Saturday, May 7, 2011

David Braid: Verge

David Braid (piano, prepared piano)
Verge (DB, 2011)

A few weeks ago I wrote about the exciting Canadian pianist, David Braid and his collaboration with the Canadian Brass. On his latest release, Braid goes it alone with Verge, a beautiful and diverse selection of solo pieces that has been on repeat in my house for days now.

David Braid is one of the few pianists capable of straddling both the classical and jazz worlds with ease. In addition, the ability to perform a solo piece, while not daunting for a pianist, does ask the question, "how do you make it different?". Well, Braid does that magnificently. A combination of masterful technique, delicate arrangements and hint of playfulness makes Verge a real treat for jazz fans.

Opening with the lovely "Le Phare" (some one correct my French but I believe it is "the lighthouse tower" or "the lighthouse"), Braid rolls out the statement of Verge, an experiment that will be both exhilarating and contrasting. Braid's playing climbs into a rolling melody midway through and never lets down until the end. It's a delicate performance set with rich harmonics and was based on the great composer Igor Stravinsky's thoughts that music can be used to revolutionize lives. Braid certainly is a shinning light in this regards.

Braid switches to prepared piano for a truly different version of "The Way You Look Tonight" that is startling and slightly unrecognizable at first listen. I actually had to start the track over because I wasn't sure it was what I was hearing. There is a great set of improvised moments throughout highlighting Braid's dynamic way of reshaping this standard.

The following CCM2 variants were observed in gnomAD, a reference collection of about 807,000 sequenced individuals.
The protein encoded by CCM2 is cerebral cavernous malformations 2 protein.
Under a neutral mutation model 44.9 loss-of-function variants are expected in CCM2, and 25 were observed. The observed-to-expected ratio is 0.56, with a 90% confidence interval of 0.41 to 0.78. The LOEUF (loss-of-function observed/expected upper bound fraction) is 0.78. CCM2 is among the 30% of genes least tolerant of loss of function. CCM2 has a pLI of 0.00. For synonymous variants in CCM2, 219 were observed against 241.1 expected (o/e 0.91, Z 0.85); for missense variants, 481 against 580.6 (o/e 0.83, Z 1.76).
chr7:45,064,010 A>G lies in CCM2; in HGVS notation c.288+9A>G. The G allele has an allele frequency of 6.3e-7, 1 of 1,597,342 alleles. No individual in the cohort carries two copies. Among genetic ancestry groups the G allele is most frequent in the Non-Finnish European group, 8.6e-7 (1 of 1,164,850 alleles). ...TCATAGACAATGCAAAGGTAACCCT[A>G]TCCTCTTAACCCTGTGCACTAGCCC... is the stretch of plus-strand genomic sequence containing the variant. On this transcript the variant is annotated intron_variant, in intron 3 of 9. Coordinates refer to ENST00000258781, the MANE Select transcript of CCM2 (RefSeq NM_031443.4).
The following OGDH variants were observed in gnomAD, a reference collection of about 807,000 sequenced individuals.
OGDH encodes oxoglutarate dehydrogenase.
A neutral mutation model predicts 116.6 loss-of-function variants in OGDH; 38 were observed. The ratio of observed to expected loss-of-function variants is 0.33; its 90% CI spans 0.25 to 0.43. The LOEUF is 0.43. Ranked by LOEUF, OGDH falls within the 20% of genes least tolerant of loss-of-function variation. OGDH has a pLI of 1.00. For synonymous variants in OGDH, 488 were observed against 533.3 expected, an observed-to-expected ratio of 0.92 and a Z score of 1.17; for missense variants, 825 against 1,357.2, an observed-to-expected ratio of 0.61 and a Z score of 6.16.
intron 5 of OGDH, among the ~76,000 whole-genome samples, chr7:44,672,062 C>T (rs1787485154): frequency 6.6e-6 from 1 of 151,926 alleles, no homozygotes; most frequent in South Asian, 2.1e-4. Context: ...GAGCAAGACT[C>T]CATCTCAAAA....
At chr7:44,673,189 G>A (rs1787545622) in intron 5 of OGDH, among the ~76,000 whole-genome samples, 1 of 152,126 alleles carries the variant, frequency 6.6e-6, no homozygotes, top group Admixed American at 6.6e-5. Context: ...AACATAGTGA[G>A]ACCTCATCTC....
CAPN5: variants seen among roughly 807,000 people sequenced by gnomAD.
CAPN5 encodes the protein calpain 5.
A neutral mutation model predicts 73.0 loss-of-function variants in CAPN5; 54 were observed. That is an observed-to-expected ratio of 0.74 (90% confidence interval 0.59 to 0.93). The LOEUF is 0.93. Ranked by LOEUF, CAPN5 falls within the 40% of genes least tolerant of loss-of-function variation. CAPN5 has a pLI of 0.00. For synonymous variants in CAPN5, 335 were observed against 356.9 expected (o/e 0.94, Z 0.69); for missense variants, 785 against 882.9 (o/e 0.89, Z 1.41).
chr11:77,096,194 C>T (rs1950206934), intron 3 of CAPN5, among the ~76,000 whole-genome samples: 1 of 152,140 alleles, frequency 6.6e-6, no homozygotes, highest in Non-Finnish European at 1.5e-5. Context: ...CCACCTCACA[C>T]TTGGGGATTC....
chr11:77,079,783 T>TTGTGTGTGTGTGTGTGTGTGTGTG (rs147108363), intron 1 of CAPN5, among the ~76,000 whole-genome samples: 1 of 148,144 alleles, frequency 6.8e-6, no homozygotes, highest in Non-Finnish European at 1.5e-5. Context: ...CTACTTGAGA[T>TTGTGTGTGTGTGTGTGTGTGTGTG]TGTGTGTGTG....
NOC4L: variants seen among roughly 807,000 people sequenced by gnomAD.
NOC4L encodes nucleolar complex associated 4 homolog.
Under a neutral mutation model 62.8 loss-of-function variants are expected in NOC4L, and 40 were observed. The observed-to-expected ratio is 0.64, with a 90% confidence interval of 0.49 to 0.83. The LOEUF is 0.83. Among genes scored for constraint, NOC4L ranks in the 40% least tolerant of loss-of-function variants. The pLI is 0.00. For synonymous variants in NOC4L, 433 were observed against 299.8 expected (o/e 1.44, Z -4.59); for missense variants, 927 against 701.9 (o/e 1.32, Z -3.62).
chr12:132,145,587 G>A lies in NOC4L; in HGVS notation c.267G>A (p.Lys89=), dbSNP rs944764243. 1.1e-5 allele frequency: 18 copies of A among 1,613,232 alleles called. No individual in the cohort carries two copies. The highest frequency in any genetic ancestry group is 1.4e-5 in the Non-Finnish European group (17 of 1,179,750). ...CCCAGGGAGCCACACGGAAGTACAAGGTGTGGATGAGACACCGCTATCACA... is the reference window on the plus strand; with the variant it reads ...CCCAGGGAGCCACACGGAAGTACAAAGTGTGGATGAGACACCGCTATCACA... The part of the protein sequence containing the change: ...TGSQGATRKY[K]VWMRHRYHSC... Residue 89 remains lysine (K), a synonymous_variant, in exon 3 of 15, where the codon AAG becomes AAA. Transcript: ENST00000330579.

"Richmond Square" again sees Braid on prepared piano and utilizing a great deal of speed and creativity by manipulating the piano into not just a melody instrument but also a groove laden percussive one as well. Inventive, infectious and inviting wrapped up in just over six minutes--wow! Braid returns to a mellower focus on "Semi Unconditional", a track that follows a balladry form, with warm and highly emotional undertones.

The most adventurous piece on Verge might be the one Braid didn't write, "Spring Garden Night" based on a Chinese folk song. Braid again manipulating the piano giving it a very dense nature and Eastern atmospheric. It works extremely well. Braid utilizes the space well and creates some moving and thoughtful imagery that could sit well alongside the material of Harold Budd (big words I know) with this piece.

With Verge, David Braid has really set himself up with a terrific launching pad that should be recognized by a much wider audience. His inventiveness and in some case risk-taking are elements that are making David Braid part of that select few pianists in jazz that continue to move outside the borders of the genre.

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